By : Nikon School Blog | 22 Jun, 2016 |
Right from the beginning of photography, unethical practices have been used by many photographers to gain fame or money. However, after a couple of decades into the digital era, this has increased exponentially. Almost every day, we hear about photographers using unfair means to get the image they want, or even to get more followership on social media. Of course, we are not talking about commercial or art photography here. A photograph can be made or captured. The ethics we are talking about refer to the latter, where we try to capture a moment as it happened. On the other hand, commercial photography is about creating an image, as per a very specific requirement, like a client's brief to shoot a product.
While what is right and what is not will forever remain subjective and be hotly debated, a few simple ethics of digital photography can be followed by all photographers to make sure they remain on the right side of the ethical line while capturing a moment.
A street photographer tries to shoot candid moments. While the decisive moment we all crave for is often found after frustrating waits, some photographers simply stage the moment. Asking someone to run or jump, or to look in a certain direction are commonly used unethical practices.
Paying local people like to stage a scene is equally unscrupulous, if the shot is claimed to be candid. As an ethical street photographer, one is expected not to stage scenes or direct people. Let's wait for the real moment and savour the success if and when it happens.
Invasion of privacy is a strict no. Being a photographer does not give you the right to enter someone's premises without permission, or even to shoot someone's portrait if they are not comfortable with it.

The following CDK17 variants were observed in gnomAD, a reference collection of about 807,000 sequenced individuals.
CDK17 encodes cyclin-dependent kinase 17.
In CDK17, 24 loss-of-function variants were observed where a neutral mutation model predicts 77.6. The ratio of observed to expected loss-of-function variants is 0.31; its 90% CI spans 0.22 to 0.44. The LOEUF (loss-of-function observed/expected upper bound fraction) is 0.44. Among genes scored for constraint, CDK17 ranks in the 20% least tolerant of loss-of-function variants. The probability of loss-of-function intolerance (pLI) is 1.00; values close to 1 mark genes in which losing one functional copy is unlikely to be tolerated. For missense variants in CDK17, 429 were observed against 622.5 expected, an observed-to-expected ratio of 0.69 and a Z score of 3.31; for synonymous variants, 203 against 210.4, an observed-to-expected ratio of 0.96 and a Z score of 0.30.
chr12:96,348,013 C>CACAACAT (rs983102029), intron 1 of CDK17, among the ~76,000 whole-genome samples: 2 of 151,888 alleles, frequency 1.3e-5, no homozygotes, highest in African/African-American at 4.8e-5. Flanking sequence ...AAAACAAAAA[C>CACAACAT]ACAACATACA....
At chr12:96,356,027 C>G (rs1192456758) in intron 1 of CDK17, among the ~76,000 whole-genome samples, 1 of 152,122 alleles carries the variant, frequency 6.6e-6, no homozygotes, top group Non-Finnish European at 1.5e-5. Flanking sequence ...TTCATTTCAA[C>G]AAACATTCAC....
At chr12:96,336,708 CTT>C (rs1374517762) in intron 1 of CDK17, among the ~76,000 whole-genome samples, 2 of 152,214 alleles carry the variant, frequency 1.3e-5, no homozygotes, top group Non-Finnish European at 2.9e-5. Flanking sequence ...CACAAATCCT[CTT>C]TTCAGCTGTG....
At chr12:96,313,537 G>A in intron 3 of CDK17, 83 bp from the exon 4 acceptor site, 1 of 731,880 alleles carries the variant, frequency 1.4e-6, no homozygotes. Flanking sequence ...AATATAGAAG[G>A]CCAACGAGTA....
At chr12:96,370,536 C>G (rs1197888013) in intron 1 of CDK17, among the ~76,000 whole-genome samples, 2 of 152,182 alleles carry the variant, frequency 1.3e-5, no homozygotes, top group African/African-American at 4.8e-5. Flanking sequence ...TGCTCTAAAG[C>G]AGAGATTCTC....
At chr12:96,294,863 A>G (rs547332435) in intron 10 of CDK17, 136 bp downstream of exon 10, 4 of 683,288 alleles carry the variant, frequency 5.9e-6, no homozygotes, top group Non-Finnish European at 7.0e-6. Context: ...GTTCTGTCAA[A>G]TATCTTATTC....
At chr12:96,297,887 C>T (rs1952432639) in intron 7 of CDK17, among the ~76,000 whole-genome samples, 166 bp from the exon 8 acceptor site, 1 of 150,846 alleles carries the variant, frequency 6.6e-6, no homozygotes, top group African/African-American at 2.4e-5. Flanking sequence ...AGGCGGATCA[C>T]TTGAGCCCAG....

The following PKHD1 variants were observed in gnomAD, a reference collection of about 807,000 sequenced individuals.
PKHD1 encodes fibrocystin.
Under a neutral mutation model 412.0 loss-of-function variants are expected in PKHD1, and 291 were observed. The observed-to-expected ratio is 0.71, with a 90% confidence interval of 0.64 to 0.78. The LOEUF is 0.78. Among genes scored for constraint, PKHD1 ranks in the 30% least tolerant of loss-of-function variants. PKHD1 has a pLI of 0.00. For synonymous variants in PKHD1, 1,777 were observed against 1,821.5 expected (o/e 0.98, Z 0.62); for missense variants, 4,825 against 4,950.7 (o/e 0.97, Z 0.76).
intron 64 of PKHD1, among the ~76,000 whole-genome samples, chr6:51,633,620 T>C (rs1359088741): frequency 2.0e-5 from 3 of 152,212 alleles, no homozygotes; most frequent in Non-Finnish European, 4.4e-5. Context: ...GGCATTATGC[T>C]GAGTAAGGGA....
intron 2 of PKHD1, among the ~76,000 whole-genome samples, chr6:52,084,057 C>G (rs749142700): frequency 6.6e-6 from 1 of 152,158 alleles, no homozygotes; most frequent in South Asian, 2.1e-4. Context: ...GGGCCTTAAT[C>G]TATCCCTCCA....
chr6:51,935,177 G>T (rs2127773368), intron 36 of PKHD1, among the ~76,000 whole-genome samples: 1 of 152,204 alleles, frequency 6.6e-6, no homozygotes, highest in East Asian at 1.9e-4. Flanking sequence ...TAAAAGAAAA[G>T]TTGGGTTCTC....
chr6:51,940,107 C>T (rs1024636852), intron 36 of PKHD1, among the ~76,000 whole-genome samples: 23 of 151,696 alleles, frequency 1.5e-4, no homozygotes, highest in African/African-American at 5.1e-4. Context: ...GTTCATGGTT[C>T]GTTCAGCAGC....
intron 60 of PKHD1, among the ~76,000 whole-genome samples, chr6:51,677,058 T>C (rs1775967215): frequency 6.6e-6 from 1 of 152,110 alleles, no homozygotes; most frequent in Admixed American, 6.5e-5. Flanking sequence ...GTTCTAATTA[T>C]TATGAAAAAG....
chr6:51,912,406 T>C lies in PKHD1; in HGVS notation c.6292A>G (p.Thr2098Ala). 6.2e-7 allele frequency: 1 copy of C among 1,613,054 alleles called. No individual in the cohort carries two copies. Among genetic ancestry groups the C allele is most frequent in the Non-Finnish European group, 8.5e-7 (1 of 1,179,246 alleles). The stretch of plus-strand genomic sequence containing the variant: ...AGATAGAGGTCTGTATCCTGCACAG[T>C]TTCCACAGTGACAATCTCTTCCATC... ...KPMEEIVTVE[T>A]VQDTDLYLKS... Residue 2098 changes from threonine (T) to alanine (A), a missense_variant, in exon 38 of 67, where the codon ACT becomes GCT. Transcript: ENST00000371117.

To show someone suffering for specific journalistic purposes maybe considered acceptable, but if someone is suffering and can get disturbed due to your presence, it is not ethical to be there.
Perhaps the most hotly debated ethical issues concern wildlife photography nowadays. Disturbing reports of animals being fed, chased, scared, or simply stalked to get the desired photograph are constantly on the rise.
Experienced and professional wildlife photographers are expected to know the do's and don'ts of shooting in the wild, but often, enthusiasts new to the field forget that they are inside the animals' habitat and their very presence can be disturbing to the animals.
While shooting wildlife, follow t¬¬¬he rules, be silent, and don't let your photography disturb any animal in any manner whatsoever. Don't feed the animals to get closer or do anything that might make them deviate from their natural behaviour. Learn to use your gear in the most effective way so that you get the image when the moment presents itself. While we must process our images to bring out the best in them, ethics are blatantly violated while processing. Adding colours that were not part of the original scene, removing elements from a frame, or creating composite images to create new frames out of two or more unrelated ones, are all unethical photography practices.
Photographers are also travelers or tourists, and must follow simple ethics like not damaging someone's property while shooting. You must keep religious and local traditions in mind, like avoiding entering places of worship with shoes on, or talking on phones in such places. You must not try to steal a shot where photography is prohibited by law or tradition.
Taking someone's image on social media and claiming it as your work is pure theft. If you're inspired by someone's work and shoot your version of it, it can be called ethical as long as you credit the original author.
Taking unethical shortcuts to get what you want may get you accolades in the short term, but the real photographer in you will blossom when you shoot with ethics, despite the apparent restrictions it poses.
images used are for representation purposes only. No unethical practices were used for the images used in this article.